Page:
Pancreatic Cancer pp 1093-1108 | Cite as

Neoadjuvant Treatment in Pancreatic Cancer

  • Alysandra Lal
  • Douglas B. Evans
Reference work entry


Neoadjuvant chemoradiation is a logical approach to the treatment of pancreatic cancer given its aggressive course and high likelihood for being metastatic at the time of diagnosis. A surgery-last (neoadjuvant) approach may confer the advantages of decreased toxicity (patients are not in the postoperative recovery phase of their illness) and increased efficacy (systemic therapy not delayed) as compared with adjuvant treatment given following a large operation. Further, because patients with progressive disease may be identified prior to operation, neoadjuvant therapy offers the benefit of improved patient selection for pancreaticoduodenectomy (PD). In patients with borderline resectable disease in whom surgery may be possible (but is not an attractive initial option), neoadjuvant therapy may increase the chance of a margin negative resection by sterilizing the tumor cells at the periphery of the tumor even in the absence of a partial or complete radiographic response. The critical components of successful neoadjuvant treatment sequencing for pancreatic cancer include a clear definition of resectability (and unresectability) based on accurate radiographic staging, the ability to achieve a tissue diagnosis of cancer, and means to safely decompress the biliary system when necessary.

There have been at least 13 prospective trials evaluating the role of neoadjuvant treatment for localized (T1-T3) pancreatic adenocarcinoma. Two of the largest and most recent trials evaluated gemcitabine, with or without cisplatin, and rapid fraction radiation therapy; 66–74% of patients ultimately underwent pancreaticoduodenectomy. Positive resection margins were uncommon and the median survival for patients who completed all treatment to include resection of the primary tumor was 31–34 months. This encouraging data has provided initial evidence in support of a neoadjuvant gemcitabine-based treatment strategy for patients with localized, potentially resectable pancreatic adenocarcinoma.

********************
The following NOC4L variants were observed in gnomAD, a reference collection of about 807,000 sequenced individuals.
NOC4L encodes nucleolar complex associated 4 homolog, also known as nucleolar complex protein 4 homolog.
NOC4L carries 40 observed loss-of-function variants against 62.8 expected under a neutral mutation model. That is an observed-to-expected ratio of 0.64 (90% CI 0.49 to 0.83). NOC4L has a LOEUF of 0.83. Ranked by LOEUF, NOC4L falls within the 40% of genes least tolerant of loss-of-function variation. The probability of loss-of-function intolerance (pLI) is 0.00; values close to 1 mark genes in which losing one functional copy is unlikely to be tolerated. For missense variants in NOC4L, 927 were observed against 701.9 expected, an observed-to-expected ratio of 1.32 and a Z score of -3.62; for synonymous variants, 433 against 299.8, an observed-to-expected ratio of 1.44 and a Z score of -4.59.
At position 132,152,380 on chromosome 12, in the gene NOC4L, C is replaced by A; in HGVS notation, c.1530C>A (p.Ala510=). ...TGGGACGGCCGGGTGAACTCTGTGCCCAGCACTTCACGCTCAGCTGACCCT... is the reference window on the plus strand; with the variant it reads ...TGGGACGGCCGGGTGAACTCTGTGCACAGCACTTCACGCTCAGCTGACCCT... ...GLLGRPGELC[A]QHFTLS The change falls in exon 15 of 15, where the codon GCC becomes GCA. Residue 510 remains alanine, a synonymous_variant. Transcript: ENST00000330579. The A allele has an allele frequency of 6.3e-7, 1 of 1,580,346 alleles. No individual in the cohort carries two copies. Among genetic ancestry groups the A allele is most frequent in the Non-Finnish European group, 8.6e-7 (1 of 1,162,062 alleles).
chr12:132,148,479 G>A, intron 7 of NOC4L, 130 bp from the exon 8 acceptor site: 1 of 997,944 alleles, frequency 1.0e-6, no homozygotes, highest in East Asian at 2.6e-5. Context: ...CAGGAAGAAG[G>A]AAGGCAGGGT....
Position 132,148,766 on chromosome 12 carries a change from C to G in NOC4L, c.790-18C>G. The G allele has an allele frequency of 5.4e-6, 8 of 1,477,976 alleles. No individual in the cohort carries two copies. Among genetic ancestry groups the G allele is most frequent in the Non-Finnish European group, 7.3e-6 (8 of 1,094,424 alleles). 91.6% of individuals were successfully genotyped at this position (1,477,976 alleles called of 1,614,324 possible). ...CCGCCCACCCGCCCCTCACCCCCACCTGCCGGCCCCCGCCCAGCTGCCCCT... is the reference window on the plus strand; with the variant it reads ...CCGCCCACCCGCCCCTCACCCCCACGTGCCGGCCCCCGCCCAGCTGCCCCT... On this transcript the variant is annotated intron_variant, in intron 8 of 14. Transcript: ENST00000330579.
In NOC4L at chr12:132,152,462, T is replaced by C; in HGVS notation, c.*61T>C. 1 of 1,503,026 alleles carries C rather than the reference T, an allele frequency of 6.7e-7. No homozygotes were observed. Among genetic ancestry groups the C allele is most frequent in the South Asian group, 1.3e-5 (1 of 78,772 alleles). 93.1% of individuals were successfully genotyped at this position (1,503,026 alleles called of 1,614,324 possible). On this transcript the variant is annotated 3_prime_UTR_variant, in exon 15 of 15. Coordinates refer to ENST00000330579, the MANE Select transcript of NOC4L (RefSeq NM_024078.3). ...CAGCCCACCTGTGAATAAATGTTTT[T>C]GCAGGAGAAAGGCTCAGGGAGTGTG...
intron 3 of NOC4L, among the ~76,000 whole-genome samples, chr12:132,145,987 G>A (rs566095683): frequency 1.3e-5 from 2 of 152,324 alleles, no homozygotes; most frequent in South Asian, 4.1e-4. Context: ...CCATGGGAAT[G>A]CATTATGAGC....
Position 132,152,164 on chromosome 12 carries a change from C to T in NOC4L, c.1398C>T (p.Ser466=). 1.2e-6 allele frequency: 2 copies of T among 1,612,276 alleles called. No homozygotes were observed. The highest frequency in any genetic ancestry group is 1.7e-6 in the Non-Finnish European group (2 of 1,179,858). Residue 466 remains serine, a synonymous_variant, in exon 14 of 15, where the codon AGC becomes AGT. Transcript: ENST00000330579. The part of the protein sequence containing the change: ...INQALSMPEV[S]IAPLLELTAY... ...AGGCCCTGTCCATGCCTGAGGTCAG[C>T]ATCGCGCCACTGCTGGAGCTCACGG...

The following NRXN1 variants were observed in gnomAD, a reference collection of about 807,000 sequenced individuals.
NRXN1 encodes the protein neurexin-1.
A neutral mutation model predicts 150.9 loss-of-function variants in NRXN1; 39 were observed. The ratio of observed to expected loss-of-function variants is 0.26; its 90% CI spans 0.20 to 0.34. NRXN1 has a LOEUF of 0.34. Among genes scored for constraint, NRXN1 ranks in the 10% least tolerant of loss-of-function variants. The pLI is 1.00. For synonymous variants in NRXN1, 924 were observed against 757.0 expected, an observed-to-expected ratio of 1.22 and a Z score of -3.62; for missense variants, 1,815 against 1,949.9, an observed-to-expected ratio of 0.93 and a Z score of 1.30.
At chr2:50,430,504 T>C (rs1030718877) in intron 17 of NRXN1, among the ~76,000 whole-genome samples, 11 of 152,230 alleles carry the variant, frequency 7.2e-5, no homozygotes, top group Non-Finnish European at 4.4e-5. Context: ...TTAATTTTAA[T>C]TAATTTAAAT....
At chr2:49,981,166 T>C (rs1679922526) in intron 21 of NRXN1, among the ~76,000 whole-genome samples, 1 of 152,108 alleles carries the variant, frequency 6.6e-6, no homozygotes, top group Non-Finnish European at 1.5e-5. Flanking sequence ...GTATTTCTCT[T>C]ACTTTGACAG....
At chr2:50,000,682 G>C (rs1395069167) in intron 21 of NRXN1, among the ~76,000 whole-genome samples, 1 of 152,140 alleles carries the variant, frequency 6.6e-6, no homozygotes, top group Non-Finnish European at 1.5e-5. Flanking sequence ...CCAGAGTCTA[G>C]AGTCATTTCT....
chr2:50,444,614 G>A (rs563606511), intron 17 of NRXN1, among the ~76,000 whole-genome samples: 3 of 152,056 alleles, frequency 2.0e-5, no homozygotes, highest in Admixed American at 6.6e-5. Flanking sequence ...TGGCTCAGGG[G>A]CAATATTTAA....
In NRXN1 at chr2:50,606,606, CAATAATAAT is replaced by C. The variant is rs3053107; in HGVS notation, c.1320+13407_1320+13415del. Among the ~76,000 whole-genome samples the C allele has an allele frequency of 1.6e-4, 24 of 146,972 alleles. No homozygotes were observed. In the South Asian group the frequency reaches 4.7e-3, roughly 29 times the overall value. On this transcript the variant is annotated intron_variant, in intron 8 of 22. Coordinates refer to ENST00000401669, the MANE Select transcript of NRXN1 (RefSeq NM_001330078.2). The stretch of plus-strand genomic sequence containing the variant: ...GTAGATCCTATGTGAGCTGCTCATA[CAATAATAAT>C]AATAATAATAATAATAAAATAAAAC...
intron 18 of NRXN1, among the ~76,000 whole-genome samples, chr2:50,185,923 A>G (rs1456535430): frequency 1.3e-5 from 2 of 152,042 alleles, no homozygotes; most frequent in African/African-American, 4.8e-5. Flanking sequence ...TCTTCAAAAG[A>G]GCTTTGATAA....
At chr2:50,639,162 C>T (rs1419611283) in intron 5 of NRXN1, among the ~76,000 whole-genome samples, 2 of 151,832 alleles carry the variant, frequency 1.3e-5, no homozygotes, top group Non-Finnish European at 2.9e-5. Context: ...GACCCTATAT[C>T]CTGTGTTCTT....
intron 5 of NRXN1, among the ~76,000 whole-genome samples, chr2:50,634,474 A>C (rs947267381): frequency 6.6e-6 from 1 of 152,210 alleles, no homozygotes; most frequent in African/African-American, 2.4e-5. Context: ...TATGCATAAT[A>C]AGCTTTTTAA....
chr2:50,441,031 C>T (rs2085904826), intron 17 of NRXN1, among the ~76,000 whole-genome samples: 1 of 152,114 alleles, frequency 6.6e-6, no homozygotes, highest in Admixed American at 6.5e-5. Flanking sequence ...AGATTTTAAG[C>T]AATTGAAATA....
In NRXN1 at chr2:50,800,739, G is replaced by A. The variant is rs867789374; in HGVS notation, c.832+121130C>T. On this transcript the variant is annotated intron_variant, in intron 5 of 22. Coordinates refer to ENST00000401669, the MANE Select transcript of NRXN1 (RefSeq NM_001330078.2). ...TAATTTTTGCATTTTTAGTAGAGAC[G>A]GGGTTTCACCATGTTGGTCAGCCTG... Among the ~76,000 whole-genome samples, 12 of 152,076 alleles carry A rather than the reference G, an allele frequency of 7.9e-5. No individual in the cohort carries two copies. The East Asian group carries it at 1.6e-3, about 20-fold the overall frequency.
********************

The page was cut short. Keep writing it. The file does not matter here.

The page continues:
Patients with borderline resectable disease are particularly well suited to neoadjuvant treatment sequencing, although no standardized treatment strategy has been identified. When the operation is more difficult and potentially of even higher risk, and the risk for recurrence is also increased, a surgery last strategy is appealing in order to exclude those patients from surgery who are demonstrated to have progressive disease or evolving medical comorbidities which a neoadjuvant treatment strategy may expose. Many studies have been done in patients with locally advanced disease but only recently has the category of borderline resectable disease been accurately defined. The value of accurate pretreatment staging and multidisciplinary care is now becoming apparent to clinicians of all specialties. However, for this to be possible, all members of the multidisciplinary team must agree on the definitions used to stage patients radiographically because treatment is stage specific.


Pancreatic Cancer Improve Patient Selection Resectable Pancreatic Adenocarcinoma Borderline Resectable Disease Borderline Resectable Tumor 
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Copyright information

© Springer Science+Business Media, LLC 2010

Authors and Affiliations

  • Alysandra Lal
    • 1
  • Douglas B. Evans
    • 1
  1. 1.Department of SurgeryThe Medical College of WisconsinMilwaukeeUSA

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